For this image I employed my favourite technique of deliberate camera movement. It brings out more colour and life through slight movement, far better than a simple static image. I can almost feel the energy of the forest in these images and they bring me such pleasure to produce. I find it draws me in and causes me to consider details I might otherwise overlook.
Tamron SP AF 90mm f/2.8 Di Macro 1:1 (272ENII)@90mm 1/4 sec, f/25, ISO 250
“What do we perceive when faced with something we don’t expect” – Ed Lehming
This image, made very spontaneously over dinner a few nights ago, has held my attention since I made it. It’s the result of evening sun shining through a tulip blossom and deliberate focus on one of the anthers within the flower.
It’s one of those joyous ‘accidents’ that all photographers get at some point. It’s also the joy of spontaneity that will linger with me every time I look at this photo. I will recall the lovely meal that I was enjoying as the sunlight entered through our kitchen window. I will recall the conversations with my wife and how those conversations were briefly and pleasantly interrupted by the lightshow of the sun on the tulips; how we both looked up at the same time.
I was very fortunate that my camera was sitting, conveniently, on the table in the living room, still affixed with my macro lens from my morning sojourn into the forest. With a few adjustments and a snap of the shutter this photo emerged. It should be noted that this is exactly what came from my camera. With the exception of a crop to my preferred aspect ratio there have been no alterations to this photo.
There are a lot of aspects to this photo that I enjoy. Primarily that I can identify the focal point quite easily, but then it fades off into something a bit more abstract, with no clear reference points. The leading petal just blends softly into the background fading into a red mist. Apart from the anthers, the entire image is slightly out of focus but still pleasing and altogether unexpected. It’s that unexpected element that keeps pulling me in, perhaps trying to understand what I’m seeing?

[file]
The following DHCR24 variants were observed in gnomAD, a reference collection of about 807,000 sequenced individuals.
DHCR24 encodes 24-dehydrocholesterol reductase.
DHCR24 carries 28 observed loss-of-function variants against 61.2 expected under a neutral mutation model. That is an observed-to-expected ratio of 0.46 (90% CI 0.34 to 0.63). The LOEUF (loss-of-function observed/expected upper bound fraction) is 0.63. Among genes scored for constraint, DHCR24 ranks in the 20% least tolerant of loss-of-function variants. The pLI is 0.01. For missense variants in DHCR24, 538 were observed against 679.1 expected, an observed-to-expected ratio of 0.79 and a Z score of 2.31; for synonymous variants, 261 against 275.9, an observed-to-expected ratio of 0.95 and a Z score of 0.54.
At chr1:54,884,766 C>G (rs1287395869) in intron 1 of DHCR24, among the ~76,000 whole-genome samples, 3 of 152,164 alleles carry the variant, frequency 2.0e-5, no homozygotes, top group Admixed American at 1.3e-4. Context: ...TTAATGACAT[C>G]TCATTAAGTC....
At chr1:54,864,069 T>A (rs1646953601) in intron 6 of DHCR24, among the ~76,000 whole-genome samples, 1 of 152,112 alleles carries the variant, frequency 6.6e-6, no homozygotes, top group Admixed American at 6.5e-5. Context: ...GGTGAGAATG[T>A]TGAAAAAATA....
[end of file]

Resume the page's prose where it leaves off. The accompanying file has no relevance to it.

Tamron SP AF 90mm f/2.8 Di Macro 1:1 (272ENII)@90mm 1/1000 sec, f/4.3, ISO 800
“There is something special about the first trillium of the year. As I walk the trails, I keep a keen eye open for this marvelous harbinger of spring, and when it see it, I know, warm days and beauty follow.” – Ed Lehming
Here it is, the first white trillium of the year. The original was a ‘nice’ photo, but I was looking for more, something to personalize it this year. This bizarre year of COVID-19, isolation, and emotions I still can’t process. So, I decided to render it as digital art, not something I do very often, but somehow it felt very appropriate today. I wanted more than a photo. I wanted something that connected me personally to this beautiful moment where I beheld this single, wonderful blossom. For me, some sign of hope of normality, and a future that I can look forward to.
I’m hoping that this image can bring some joy to others. Joy seems to be a rare commodity these days.